In his Companion to a Higher English Grammar, a most delightful and erudite read by the way, Alexander Bain considers whether to define a noun by its meaning or its office, that is, by what objects a noun names or by what function a noun plays in a sentence. He first does admirable work unfolding the … Continue reading What is a Noun?
Words are not first to little children, but sound. They are thrust, in media res, into a world of sounds. But those sounds they hear spoken by men and women are actually words, though the child does not experience them as such. Yet the cause and reason a child is hearing sound is that adults are … Continue reading Words vs. Sounds: Elements or Wholes?
freely adapted from a class in Moral Philosophy at New College Franklin
Adapted from a talk given for Perspective Student Weekend at New College Franklin, Spring 2017 There are times when a song is in my head, or more precisely, part of a song–a refrain which I repeat over and over. No matter how lovely or stirring such a refrain may be, it is imperfect apart from the whole, and … Continue reading Greek is Regular; Greek is Fun: Memory, Science, and the Face of God
In Plato’s dialogues, one finds room for speculation and wonder. One also finds the discipline of logic, the presence of faith, and the need for each these modes of thinking to co-operate with one another. This helps us see why philosophy is a most serious and yet wonderful kind of play. As I embark on further graduate … Continue reading An Introduction to Philosophy, Platonic or Otherwise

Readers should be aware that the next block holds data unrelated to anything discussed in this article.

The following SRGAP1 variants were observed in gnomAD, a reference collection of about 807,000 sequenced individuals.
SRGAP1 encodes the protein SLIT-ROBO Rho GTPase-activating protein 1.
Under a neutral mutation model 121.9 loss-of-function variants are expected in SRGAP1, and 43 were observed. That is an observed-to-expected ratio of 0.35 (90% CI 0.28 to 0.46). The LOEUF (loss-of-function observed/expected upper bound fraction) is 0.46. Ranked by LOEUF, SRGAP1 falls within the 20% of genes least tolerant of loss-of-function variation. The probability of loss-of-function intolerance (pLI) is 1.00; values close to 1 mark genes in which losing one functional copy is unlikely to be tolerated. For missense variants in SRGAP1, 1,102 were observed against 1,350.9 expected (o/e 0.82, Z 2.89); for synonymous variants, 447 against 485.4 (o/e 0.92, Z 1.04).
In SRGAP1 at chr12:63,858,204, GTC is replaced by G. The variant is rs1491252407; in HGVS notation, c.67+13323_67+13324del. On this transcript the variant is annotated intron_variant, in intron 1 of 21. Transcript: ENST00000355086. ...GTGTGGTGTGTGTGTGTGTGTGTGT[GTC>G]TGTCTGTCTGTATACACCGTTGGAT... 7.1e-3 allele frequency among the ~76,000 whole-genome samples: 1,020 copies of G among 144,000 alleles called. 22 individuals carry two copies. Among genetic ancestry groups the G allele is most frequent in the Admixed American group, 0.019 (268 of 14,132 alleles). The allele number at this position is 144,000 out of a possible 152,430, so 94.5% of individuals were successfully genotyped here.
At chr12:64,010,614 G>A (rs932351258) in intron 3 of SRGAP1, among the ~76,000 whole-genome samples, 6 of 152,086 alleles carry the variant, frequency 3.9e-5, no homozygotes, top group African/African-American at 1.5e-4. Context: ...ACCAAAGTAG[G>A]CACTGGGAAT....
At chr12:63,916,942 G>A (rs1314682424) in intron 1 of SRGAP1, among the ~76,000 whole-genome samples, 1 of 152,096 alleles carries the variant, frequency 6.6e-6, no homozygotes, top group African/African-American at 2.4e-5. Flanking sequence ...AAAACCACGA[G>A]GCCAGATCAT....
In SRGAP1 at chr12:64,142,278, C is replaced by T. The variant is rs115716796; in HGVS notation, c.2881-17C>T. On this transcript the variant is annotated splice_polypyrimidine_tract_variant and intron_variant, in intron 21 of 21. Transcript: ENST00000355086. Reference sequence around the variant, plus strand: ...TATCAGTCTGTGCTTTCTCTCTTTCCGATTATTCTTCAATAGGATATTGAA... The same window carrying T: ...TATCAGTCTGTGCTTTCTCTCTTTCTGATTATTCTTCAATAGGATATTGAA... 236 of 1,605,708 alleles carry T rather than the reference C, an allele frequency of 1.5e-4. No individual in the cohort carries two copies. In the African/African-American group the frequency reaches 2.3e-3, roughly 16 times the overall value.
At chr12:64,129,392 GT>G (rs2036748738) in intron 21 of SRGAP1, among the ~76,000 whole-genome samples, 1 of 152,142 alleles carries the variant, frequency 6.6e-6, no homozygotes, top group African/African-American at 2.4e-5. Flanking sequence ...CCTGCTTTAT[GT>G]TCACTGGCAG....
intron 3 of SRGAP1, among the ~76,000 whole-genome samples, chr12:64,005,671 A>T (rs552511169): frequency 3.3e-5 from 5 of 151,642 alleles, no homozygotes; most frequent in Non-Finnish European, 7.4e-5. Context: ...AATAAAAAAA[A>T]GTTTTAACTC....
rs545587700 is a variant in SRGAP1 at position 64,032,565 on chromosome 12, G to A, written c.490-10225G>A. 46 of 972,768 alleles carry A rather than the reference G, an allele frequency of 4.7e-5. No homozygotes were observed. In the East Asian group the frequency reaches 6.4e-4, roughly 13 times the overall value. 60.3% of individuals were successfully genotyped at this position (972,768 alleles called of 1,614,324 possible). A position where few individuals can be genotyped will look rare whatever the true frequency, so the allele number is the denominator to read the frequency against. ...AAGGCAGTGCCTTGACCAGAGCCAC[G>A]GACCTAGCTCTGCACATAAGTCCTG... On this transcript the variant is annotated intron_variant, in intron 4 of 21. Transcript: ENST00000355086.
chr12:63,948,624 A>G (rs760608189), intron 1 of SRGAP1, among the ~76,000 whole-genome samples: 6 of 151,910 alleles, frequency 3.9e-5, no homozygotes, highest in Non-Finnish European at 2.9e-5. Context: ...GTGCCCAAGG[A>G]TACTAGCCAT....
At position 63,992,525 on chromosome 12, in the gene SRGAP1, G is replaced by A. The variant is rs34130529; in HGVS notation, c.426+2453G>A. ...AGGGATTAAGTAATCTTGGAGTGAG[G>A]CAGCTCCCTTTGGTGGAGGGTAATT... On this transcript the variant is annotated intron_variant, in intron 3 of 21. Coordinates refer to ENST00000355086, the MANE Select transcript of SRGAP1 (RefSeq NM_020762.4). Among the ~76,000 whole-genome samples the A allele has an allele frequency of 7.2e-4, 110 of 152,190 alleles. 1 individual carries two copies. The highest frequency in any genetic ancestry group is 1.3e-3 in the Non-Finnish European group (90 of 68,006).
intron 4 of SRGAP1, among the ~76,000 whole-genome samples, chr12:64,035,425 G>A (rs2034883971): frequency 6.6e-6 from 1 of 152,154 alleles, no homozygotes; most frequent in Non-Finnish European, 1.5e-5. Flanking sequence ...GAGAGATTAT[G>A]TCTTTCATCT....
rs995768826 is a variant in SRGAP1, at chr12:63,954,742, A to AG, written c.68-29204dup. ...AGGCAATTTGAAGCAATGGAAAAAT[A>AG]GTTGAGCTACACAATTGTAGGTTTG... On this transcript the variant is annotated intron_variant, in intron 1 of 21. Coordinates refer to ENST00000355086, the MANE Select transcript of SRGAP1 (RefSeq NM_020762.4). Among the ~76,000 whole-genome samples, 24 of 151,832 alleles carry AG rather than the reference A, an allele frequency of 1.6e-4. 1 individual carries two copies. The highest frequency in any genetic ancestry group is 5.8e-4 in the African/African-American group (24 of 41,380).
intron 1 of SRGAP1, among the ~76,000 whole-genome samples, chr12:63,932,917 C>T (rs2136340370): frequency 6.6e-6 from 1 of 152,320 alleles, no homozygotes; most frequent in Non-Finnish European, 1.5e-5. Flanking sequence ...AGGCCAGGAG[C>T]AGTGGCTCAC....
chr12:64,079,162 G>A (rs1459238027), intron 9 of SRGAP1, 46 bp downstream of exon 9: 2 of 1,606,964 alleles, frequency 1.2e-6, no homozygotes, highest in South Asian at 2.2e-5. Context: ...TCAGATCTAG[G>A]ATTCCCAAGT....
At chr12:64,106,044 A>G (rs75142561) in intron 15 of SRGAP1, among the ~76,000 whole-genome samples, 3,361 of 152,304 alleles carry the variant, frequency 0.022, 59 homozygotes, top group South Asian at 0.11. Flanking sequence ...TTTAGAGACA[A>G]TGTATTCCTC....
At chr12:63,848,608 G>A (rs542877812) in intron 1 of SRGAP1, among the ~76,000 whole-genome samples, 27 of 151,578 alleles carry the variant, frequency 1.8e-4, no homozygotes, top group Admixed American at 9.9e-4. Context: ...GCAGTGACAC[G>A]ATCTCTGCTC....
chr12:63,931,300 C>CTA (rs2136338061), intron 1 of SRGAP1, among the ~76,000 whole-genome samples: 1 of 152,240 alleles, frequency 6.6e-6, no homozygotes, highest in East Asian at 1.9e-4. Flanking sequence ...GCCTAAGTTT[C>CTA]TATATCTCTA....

In less than three weeks, I begin my first class at Holy Apostles College & Seminary (HACS). Since I was a freshman in college, back in 1997, I began to set my eyes on graduate work in philosophy. I would never have imagined twenty years would stand between those dreams, that I would be taking … Continue reading A New Stage in the Journey
Between the difficult and the impossible there lies an infinite distance. No dint of human effort or mortal genius can alter the nature of such a boundary. Each individual believes he knows with certainty precisely where these boundaries have been laid. For instance: I am not good at math; I am a poor artist; I hate … Continue reading Re-moving the Boundary Stones!
Being perspective weekend, you will hear much about New College Franklin, about the excellence of our program and community. For this reason, I want to talk about education from a different perspective. I want to conclude some recent meditations on learning by exploring the experience of the educator. Oddly enough, I am going to … Continue reading The Poetics of Faith and Learning, Part 5 (fin)
To R. B. THE FINE delight that fathers thought; the strong Spur, live and lancing like the blowpipe flame, Breathes once and, quenchèd faster than it came, Leaves yet the mind a mother of immortal song. Nine months she then, nay years, nine years she long 5 Within her wears, bears, cares and … Continue reading Gerard Manley Hopkins Poem in Anticipation of College Talk
Euclid The study of Euclid’s Elements serves as an excellent example of the contemplative learning process. Proposition 5, an early proposition in the text, marks a turning point for most students, where they must not only identify a chain of equalities (something akin to a hypothetical syllogism), but do so in transposition. Whereas students needed only identify equality by imposing … Continue reading The Poetics of Faith and Learning, Part 1